Apple Rose Pie

IMG_0411On the heels of Father’s Day, comes a feminine pie I made for Mother’s Day way back in May (although wtf is that, attributing genders to food?  I think my husband-guy liked this pie the most out of all of us).  I pulled it from the spring section of the Four & Twenty Blackbirds cookbook, because though apples aren’t technically the most in season of spring fruits, the roses bring the warm weather perfume of flowers busting their pretty fug all over the greening world.  And of course it’s summer now.  It’s still awesome.  And kinda different?  I’d never made a rosewater pie before (oh snap, not technically true!) and weird is the call of inspiration sometimes, especially when I’m not on the clock. Continue reading

Minimalist Chocolate Mousse

There’s a wicked good friperie / thrift store near-ish to my house, with four floors of treasures, much turnover, fancy fresh curios, big city-level castoff fashion, (bakeware!), AND lots of books, which is important.  I’ve slowed down a bit recently, but I spent a lot of the last year snorkelling for excellent children’s literature one dog-eared retro Seuss-ible at a time.  And every trip there, on the way out, I would cast an eye toward the adult books and every single time I would find something interesting in seconds with magnet-sense.  Like buying a little impulse candy bar, except something for my grownup brain to nosh on in the endless hours of nursing small baby life.

IMG_0547Once I found French Kids Eat Everything by Karen Le Billon, which was a fun read that doubles as a rural French travelogue and also a somewhat guidebook to raising children to be little mini gourmands (ooh!), and there’s recipes!  Some of the ideas are too far out for me, like I could never NOT SNACK or PREVENT TODDLER-SNACK?? (eek), but there’s lots to inspire therein and I’ll probably re-read it again once Muffin hits grade school and maybe starts desiring to eat little fruity dinosaurs and cheese poofits all day.

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Le Billon writes of this chocolate mousse as one of the first slow food desserts she put in front of her daughters; a simple recipe that French families make often, calling for just chocolate, butter, eggs, and a pinch of salt.  There are complex mousses out there, and I’ve made them, but honestly you don’t need to do much to good chocolate to make it into a perfect dessert.  A hint of zested orange gives it a nice depth, and it has that bubbly, sticky, intensity that one desires in mousse, with almost zero work.  Everyone wins!  Including busy people!  Chocolate dance party!

Minimalist Chocolate Mousse

Le Billon recommends approaching this recipe with calmness and focus.  Gently melt the chocolate and enjoy the aroma.  Lose yourself in the egg whites’ thickening.  Watch the swirls of light and dark get all stormy nebulaic together.  You can afford to get zen about it, it’s the work of mere blissful minutes.

Serves 6

  • 8 ounces (227 grams) semisweet chocolate (something around 60% dark will give good results)
  • 4 teaspoons (20 grams) unsalted butter
  • 6 large eggs, yolks and whites separated
  • zest of ½ orange
  • pinch of salt

Gently melt the chocolate in a bowl set over a pan of barely simmering water, or carefully melt it in the microwave.  Let it cool, then stir in the egg yolks and orange zest and combine fully.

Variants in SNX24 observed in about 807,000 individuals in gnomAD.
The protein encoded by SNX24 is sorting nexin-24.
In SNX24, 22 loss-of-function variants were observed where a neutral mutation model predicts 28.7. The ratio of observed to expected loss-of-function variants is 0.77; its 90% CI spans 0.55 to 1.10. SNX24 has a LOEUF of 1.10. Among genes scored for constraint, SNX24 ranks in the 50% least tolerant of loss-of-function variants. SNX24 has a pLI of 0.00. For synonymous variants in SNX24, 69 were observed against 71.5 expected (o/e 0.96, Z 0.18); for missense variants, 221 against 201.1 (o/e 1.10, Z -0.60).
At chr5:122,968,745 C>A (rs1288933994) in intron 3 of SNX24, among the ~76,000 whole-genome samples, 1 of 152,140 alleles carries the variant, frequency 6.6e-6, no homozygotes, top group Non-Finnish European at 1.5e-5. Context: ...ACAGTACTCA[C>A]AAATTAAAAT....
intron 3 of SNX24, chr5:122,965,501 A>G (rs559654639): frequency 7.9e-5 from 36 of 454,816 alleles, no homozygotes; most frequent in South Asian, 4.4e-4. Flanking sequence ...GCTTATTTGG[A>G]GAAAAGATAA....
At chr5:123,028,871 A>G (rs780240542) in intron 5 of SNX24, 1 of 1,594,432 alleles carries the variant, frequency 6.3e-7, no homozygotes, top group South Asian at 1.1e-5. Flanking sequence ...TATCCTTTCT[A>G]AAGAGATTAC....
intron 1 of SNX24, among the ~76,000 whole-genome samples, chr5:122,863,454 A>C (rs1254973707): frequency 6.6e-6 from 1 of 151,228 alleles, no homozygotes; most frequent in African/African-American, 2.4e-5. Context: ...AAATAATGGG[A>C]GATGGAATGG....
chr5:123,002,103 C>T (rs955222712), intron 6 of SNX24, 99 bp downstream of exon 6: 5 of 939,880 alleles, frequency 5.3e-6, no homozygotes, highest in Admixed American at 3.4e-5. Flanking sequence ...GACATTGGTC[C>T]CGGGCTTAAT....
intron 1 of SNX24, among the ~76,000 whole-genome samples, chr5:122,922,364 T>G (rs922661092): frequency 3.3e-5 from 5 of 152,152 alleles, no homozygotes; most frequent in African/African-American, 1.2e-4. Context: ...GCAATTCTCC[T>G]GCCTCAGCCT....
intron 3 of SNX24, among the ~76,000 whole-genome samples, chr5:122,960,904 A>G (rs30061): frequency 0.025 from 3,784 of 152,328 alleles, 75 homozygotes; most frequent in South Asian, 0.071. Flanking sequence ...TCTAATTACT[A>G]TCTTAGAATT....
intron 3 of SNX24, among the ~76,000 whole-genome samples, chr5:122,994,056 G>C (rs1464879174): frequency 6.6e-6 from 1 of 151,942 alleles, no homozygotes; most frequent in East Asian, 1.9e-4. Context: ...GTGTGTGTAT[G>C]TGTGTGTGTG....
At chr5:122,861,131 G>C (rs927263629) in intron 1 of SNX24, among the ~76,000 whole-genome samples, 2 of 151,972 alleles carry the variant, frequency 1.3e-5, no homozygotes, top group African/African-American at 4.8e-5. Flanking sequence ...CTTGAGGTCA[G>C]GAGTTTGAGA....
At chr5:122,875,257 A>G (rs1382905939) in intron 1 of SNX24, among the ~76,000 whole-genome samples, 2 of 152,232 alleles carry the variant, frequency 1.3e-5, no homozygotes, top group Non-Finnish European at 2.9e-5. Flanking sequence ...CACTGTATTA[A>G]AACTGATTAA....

In a large bowl, whip the egg whites with a pinch of salt until they reach stiff peaks.

Gently fold ⅓ of the egg whites into the chocolate mixture to lighten it up.  Then fold in another ⅓, and then the last ⅓ until there are just a few whispered streaks of egg barely visible.  Pour the mousse into 6 waiting ramekins and chill, covered in plastic (without touching the tops of the mousse) for 2 – 3 hours.  Serve with fruits, lightly sweetened whipped cream or little crisp cookies.

Pickled Pink Turnips (Torshi Left)

IMG_7660-2_Fotor32Another Food in Jars Mastery Challenge experimentation!   Continue reading

Strawberry Balsamic Millefeuille

IMG_9904 2-2.jpgI have a thing I guess for reading pastry books in a slow, analytic way, savouring the possibilities, rolling imagery around behind my eyeballs, and organizing imaginary sensations.  All too often, multi-dimensional pieces attach themselves neatly to other idea-pieces and I set the joinings aside in the Great Pile of soon-to-be-realized dessert-things-that-are.  More often than not, when I bring them to breathing life, everything goes as planned.  Sometimes there are facets that melt out of place, however, which is fine; it’s all a part of the logistics of pastry and I like learning experiences.  In this case, my carefully layered spring strawberries and tart balsamic syrup with fresh lightened pastry cream and crispy buttery pastry layers all decided they would like mostly rather become a big shmeary delicious mess.  Because I added too much cream, basically.  But cream is delicious and I regret nothing.  Notheeeeeeeng.  Mmmmmmmm creamy.  I know for next time. Continue reading

Coffee Fudge

IMG_0239-2.jpgSo my first two weeks back at work have been clarifying, gratifying, and good for shaking off the last traces of lethargy that had settled in my body after a year off in babyland.  The pace can feel sometimes like air traffic control, the shifts can run from noon to midnight, there’s always something that can be better organized… and it feels like a beloved old boot that fits just right and I’m hitting the ground running.  There are also some new additions to the menu that I can’t help but want to test variations of at home. Continue reading